[0006] Provided herein are methods and equipment for the use of portable nuclear magnetic resonance (NMR) relaxometry in the rapid determination of blood plasma water content (PWC), in the clinic as well as other settings such as portable bloodbanks, field hospitals, and ambulances. The NMR-based methods described herein accurately correlate PWC to relaxometry measurements (e.g., T2 and Ti decay constants) in plasma samples. Rapid testing methods as provided herein for measurement of PWC can allow clinicians to improve the accuracy of blood chemistry assays and diagnostic tests, improving patient care and reducing waste. For example, there is a great deal of clinical interest in using PWC to analyze bum patient hydration status. Blood transfusions that drastically vary in PWC from the patient could cause shock. The NMR-based methods of the present disclosure have been applied to the analysis of animal plasma samples and have achieved a 98.7% PWC prediction accuracy, which matches the -98% accuracy of the current standard (and more time-intensive) lyophilization-based technique. The PWC obtained according to the disclosure herein can be used, for example, to correct sodium cation concentrations reported from direct ion-selective electrode tests. The accuracy of PWC determination with the provided methods and apparatus is comparable to that of the gravimetric method that requires sample lyophilization. The rapid turnaround time, non-destructive nature, and portable footprint of the provided measurement methods can improve treatment outcomes by, for example, better enabling rapid, point-of- care clinical electrolyte estimates.

[0007] In one aspect, the disclosure is to a method for determining the water content of a body fluid. The method includes analyzing a body fluid sample by portable NMR

relaxometry. In some embodiments, the analyzing includes determining a spin-spin relaxation constant T2, sample of the body fluid sample and/or a spin-lattice rate constant Ti, sample of the body fluid sample, and calculating the water content of the body fluid sample using the determined T2, sample and/or Ti, sample. In some embdoiments, the calculating includes applying a correlation between water content of the body fluid and one or both of T2 and Ti, e.g.,

T2, sample and Ti, sample. In some embodiments, the correlation is derived from a measurement of spin-spin relaxation constants of each of one or more, e.g. two or more, standard solutions, and/or spin-lattice rate constants of each of the one or more, e.g., two or more, standard solutions.

[0008] In another aspect, the disclosure is to a method for correcting an electrolyte concentration estimate. The method includes estimating an electrolyte concentration in a sample using, as a non-limiting example, an ion selective electrode. The method further includes determining the water content of the sample using any of the water content detremination methods disclosed herein. The method further includes correcting the estimated electrolyte concentration using the determined water content.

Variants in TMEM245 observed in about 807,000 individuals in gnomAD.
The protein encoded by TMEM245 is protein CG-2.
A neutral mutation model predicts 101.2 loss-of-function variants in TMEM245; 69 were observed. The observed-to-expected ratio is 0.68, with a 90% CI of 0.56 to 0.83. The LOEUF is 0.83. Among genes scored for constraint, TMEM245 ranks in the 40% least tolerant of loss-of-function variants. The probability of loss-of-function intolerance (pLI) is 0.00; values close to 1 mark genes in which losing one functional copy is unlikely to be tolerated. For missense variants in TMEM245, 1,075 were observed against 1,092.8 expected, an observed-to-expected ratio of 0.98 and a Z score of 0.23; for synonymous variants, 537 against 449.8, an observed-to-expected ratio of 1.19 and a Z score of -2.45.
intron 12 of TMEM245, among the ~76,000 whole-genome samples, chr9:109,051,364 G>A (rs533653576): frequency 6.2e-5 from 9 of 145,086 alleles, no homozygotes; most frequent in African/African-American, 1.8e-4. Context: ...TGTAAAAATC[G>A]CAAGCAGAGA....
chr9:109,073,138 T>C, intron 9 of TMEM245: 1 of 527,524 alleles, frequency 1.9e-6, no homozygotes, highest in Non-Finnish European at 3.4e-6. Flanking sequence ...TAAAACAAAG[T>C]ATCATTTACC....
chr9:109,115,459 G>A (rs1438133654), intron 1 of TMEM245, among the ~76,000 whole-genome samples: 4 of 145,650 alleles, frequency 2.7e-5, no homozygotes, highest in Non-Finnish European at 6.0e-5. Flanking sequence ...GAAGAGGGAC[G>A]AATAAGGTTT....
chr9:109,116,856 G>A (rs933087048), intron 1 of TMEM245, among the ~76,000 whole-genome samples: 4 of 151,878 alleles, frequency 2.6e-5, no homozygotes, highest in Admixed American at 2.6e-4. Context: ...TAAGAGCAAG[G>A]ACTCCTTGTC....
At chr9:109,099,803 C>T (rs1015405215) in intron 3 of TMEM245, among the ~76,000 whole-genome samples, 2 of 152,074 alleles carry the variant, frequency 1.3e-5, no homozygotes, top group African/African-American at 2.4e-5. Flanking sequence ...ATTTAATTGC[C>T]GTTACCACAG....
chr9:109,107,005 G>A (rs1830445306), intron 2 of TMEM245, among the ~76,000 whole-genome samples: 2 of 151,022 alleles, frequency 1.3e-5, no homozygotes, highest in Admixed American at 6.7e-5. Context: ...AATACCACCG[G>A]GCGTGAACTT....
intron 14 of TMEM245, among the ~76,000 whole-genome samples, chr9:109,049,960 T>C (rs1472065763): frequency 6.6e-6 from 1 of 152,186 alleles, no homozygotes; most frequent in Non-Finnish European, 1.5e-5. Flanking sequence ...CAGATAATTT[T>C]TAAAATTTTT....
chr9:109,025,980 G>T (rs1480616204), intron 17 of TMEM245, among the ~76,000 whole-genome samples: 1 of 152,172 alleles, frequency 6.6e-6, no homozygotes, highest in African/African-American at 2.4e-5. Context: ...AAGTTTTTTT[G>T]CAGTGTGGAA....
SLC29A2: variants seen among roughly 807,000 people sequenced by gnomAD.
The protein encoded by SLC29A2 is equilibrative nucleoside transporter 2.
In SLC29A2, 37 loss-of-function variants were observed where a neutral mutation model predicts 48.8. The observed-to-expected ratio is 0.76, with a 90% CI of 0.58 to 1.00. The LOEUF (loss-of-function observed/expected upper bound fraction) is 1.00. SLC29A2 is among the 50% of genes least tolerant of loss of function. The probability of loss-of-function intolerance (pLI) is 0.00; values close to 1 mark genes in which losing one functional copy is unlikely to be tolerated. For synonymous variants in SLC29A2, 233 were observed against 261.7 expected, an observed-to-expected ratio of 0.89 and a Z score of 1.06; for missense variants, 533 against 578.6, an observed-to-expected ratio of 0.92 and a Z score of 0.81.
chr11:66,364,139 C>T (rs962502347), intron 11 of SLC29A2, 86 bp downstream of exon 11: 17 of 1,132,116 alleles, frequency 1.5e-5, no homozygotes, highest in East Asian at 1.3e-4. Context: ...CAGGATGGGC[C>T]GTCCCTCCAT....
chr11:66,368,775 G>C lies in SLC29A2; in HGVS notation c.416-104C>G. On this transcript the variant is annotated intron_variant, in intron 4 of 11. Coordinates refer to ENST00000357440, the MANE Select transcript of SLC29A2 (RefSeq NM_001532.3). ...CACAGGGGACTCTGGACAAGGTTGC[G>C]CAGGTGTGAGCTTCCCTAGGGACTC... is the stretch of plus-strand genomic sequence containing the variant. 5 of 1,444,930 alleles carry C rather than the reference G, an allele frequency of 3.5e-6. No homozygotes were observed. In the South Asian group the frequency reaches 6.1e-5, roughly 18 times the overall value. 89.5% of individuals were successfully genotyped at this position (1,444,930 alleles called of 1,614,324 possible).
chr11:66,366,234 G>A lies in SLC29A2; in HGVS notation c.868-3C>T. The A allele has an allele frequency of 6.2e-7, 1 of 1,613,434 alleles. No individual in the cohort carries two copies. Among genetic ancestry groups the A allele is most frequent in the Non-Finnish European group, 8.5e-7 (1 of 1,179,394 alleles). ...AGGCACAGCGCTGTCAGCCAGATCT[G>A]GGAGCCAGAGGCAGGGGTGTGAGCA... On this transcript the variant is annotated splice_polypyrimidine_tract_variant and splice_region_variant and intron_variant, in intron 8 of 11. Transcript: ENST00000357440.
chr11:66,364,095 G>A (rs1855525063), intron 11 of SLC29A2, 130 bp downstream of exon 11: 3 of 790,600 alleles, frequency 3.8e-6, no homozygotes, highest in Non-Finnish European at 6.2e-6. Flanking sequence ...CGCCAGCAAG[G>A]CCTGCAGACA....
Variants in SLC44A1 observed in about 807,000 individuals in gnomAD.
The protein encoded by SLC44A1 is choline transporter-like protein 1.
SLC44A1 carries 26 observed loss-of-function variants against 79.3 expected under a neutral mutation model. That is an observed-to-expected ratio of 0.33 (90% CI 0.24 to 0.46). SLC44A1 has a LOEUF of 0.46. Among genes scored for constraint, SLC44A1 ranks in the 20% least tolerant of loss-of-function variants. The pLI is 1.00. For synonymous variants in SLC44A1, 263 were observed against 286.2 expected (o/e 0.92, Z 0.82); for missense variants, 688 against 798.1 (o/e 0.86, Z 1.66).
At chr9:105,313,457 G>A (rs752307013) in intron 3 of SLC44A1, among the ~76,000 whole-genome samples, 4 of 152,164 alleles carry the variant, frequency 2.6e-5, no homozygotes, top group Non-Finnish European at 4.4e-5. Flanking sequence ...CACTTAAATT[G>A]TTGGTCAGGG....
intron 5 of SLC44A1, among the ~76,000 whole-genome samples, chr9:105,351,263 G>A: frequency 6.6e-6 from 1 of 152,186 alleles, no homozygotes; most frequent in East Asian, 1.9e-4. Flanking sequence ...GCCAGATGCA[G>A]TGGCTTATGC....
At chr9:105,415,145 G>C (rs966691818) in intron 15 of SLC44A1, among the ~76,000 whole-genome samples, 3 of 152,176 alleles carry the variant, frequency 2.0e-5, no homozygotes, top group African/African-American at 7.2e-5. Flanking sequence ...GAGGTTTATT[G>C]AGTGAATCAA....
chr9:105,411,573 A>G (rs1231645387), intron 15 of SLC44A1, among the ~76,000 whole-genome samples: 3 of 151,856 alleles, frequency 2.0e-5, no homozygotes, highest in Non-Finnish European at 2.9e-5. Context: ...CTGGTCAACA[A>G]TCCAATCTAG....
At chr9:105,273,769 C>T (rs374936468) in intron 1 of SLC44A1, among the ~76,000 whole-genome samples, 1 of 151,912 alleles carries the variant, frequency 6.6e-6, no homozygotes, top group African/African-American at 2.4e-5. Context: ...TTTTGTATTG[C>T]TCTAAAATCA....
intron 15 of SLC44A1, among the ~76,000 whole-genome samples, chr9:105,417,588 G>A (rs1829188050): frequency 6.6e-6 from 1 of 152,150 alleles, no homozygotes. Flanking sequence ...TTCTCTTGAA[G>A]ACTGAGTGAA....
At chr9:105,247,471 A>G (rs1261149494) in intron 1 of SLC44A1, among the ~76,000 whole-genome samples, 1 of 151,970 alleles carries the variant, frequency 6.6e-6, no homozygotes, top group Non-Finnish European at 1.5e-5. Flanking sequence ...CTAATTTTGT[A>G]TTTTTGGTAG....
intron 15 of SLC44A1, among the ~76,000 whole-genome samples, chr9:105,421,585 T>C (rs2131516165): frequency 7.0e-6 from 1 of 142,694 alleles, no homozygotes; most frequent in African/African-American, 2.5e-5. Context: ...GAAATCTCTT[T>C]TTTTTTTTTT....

[0009] In another aspect, the disclosure is to a portable NMR apparatus for the analysis of water content in body fluids. In some embodiments, the NMR apparatus includes a tank circuit probe having a solenoid radiofrequency coil configured to accept a body fluid sample container, wherein the tank circuit probe is disposed between two sides of an opposing poleface magnet. These and other aspects, objects and embodiments will become more apparent with the detailed disclosure and figures that follow

BRIEF DESCRIPTION OF THE DRAWINGS

[0010] FIG. 1 is a graph showing an example of the raw, transient relaxation data generated by applying the CPMG pulse sequence to the PWC = 84% pseudoplasma sample. The shaded area corresponds to the 1,600 slightly overlapping spin echoes observed during the 68-s-long experiment.

[0011] FIG. 2 is a graph showing the transient yielded by application of a Fourier transform based filter to the data in FIG. 1.

[0012] FIG. 3 is a graph showing an example of the raw, transient relaxation data generated by applying the saturation recovery pulse sequence to the PWC = 84% pseudoplasma sample.

[0013] FIG. 4 is a graph showing the transient yielded by application of a Fourier transform based filter to the data in FIG. 3.

[0014] FIG. 5 is a graph showing the correlation of gravimetric PWC with NMR- determined T 2 value for the pseudoplasma and human lyophilized plasma sample sets as solid squares and diamonds respectively. The solid and dashed lines for the respective

pseudoplasma and human lyophilized plasma samples were calculated from the appropriate A and B values in Table 3. The error bars largely obscured by the data markers indicate 95% confidence. [0015] FIG. 6 is a graph showing the correlation of gravimetric PWC with NMR- determined T , value for the pseudoplasma and human lyophilized plasma sample sets as solid squares and diamonds respectively. The solid and dashed lines for the respective

pseudoplasma and human lyophilized plasma samples were calculated from the appropriate A and B values in Table 3. The error bars indicate 95% confidence.